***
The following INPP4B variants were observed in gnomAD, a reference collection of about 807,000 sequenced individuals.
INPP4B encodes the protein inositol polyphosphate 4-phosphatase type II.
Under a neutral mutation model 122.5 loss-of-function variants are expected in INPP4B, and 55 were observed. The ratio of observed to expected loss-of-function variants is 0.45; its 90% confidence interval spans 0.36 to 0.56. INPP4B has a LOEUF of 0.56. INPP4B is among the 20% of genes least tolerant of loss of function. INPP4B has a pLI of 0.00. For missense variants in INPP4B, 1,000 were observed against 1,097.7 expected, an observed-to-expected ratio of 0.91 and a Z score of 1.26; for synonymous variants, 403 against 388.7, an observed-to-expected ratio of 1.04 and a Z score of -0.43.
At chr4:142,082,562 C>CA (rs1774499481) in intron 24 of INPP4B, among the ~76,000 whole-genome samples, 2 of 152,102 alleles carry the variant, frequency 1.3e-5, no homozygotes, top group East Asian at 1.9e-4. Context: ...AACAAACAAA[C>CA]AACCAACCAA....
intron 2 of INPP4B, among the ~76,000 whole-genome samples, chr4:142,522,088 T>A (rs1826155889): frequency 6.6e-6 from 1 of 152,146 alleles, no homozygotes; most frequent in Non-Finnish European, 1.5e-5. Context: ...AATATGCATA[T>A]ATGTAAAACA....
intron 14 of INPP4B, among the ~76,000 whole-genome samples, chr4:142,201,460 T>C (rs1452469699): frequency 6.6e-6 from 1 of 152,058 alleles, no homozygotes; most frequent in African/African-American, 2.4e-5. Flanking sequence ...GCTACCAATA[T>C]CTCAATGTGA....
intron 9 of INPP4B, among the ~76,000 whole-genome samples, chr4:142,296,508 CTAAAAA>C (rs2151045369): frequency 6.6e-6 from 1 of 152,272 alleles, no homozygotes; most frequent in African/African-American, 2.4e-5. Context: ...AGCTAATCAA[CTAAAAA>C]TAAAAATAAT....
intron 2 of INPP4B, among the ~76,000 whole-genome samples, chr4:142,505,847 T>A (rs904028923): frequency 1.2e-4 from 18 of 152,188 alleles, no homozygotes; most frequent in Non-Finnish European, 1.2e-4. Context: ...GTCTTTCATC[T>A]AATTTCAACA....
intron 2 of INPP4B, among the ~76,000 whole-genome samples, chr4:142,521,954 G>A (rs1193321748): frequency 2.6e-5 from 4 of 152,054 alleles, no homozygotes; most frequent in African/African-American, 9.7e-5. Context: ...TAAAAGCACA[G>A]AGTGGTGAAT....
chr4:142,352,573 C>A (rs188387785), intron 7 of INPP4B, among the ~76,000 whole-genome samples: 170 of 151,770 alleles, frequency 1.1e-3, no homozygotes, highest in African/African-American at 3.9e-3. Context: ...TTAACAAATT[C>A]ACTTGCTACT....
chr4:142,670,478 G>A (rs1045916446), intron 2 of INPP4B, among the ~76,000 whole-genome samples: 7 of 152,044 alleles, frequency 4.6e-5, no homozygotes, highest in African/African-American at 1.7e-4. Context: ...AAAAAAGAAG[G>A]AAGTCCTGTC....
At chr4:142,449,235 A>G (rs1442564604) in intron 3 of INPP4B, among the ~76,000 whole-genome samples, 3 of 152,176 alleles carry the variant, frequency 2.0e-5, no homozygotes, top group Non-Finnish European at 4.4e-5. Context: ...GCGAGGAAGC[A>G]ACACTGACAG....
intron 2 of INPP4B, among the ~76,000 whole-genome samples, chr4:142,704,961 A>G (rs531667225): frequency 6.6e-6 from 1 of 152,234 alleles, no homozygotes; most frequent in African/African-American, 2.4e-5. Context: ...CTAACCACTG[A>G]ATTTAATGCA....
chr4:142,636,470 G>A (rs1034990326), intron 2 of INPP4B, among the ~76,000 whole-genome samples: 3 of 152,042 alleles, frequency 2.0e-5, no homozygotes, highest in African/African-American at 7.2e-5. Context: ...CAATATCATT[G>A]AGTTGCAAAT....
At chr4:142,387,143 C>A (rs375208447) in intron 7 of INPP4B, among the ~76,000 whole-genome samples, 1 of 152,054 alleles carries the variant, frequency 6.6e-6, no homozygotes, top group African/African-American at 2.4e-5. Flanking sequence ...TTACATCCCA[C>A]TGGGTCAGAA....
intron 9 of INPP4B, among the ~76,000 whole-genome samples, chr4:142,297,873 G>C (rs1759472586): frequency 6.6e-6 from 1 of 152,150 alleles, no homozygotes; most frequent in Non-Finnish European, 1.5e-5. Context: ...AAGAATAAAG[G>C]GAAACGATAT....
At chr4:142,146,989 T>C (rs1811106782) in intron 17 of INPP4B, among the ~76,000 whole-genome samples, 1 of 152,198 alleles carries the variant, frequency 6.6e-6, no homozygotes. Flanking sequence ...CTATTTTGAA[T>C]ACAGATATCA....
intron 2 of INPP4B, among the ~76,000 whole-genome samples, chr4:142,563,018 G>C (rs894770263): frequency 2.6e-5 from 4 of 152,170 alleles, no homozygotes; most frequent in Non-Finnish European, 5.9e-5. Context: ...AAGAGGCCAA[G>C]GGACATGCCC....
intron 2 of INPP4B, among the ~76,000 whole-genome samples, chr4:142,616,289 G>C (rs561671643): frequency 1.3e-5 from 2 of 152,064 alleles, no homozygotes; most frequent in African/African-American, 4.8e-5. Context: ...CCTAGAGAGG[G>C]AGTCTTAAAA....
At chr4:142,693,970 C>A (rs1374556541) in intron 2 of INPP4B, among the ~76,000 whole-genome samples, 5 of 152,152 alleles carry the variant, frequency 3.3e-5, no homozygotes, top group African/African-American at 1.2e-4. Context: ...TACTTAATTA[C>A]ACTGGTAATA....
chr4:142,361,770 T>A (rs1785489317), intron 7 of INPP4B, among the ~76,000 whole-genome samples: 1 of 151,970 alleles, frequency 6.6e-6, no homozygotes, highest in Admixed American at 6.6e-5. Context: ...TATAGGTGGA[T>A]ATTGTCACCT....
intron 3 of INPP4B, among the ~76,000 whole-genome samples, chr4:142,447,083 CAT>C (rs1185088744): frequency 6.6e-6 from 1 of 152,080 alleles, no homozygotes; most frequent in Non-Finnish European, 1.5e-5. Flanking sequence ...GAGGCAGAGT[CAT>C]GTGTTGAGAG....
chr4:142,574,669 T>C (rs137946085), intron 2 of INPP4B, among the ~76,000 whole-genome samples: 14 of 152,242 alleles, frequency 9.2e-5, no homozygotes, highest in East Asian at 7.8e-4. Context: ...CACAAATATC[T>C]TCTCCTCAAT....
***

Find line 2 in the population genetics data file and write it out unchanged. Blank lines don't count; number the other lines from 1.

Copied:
INPP4B encodes the protein inositol polyphosphate 4-phosphatase type II.